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Intriguing Viking Age underwater structure draws international interest

Lake Valgjärv
Lake Valgjärv Source: Photo: Postimees/Scanpix

A group of Finnish and Croatian underwater archaeologists are studying a structure in the bottom of Lake Valgjärv in Koorküla, southern Estonia, near the Latvian border.

The legends about a sunken building in the middle of Lake Valgjärv were ripe already in the 15th century. In 1489, Siegbert, a monk from Riga, recorded a story told of a manor that lies under the placid water of the White Lake (valge - white in Estonian), sunk by heavy rains the night after its lord married his own sister.

It is believed that the first ever dive in Estonia was organized on the lake in 1640 by a local nobleman Wolfgang Heinrich von Anrep, to check if the legends of an underwater manor were true.

And they were.

Nevertheless, the sunken structure was not properly studied until 1958, when professional archaeologists first inspected the site.

It was established that the wooden remains were those of a pile-dwelling - a house raised on piles over the surface of the lake - connected to the shore by a bridge. Up to 9-meter long logs and other building material were found where the house once stood. The structure was dated to the second half of the first millennium.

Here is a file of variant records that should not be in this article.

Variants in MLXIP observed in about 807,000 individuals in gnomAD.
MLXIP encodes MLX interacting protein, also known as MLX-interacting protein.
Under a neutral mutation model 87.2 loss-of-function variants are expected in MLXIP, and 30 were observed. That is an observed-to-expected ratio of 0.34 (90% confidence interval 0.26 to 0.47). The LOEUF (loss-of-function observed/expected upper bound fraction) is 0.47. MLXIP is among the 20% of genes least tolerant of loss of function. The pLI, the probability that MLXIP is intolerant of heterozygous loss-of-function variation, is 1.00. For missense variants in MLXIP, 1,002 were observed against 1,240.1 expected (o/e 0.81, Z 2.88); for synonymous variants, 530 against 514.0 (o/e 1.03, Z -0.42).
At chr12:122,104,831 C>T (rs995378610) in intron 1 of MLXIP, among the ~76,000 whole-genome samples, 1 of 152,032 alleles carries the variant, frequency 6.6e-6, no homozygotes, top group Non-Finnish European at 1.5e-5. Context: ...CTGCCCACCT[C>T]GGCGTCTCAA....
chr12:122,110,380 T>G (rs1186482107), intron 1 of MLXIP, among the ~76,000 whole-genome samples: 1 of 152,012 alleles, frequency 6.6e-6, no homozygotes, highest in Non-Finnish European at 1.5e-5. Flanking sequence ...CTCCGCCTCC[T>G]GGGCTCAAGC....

Remains of a building in Lake Valgjärv (Photo: Indrek Ostrat/National Heritage Board)

Several smaller expeditions have since taken place and now, Kalle Virtanen, a PhD student from Finland, is surveying the site with the help remote sensing specialists from the University of Zagreb, Croatia.

The Croatian team have named their GPS-controlled remote sensing device Platypus, Maaleht reports. Platybus, with its special cameras, will document the structure and give archaeologists a detailed view of it. The results of the survey, however, won't be published for another year.

Virtanen first became interested in Lake Valgjärv nearly two decades ago, for the unique ancient structure in the lake is unparalleled even in Finland, the land of a thousand lakes, he said.

There are, however, a dozen comparable pile-dwelling sites known from North Latvia, in Lakes Āraiši and Ušuru among them.

"Like many fields, archaeology too is becoming increasingly international and by example of Lake Valgjärv, we can say that this is very beneficial," Virtanen told Maaleht. The Finns especially have been very interested in Valgjärv and made a documentary about it, which aired in YLE years ago but has never been screened in Estonia, local paper Valgamaa reports.

"We are mostly interested in understanding what drove the ancient settlers to build such an intriguing house in the middle of the lake," Virtanen told the paper.

Editor: M. Oll

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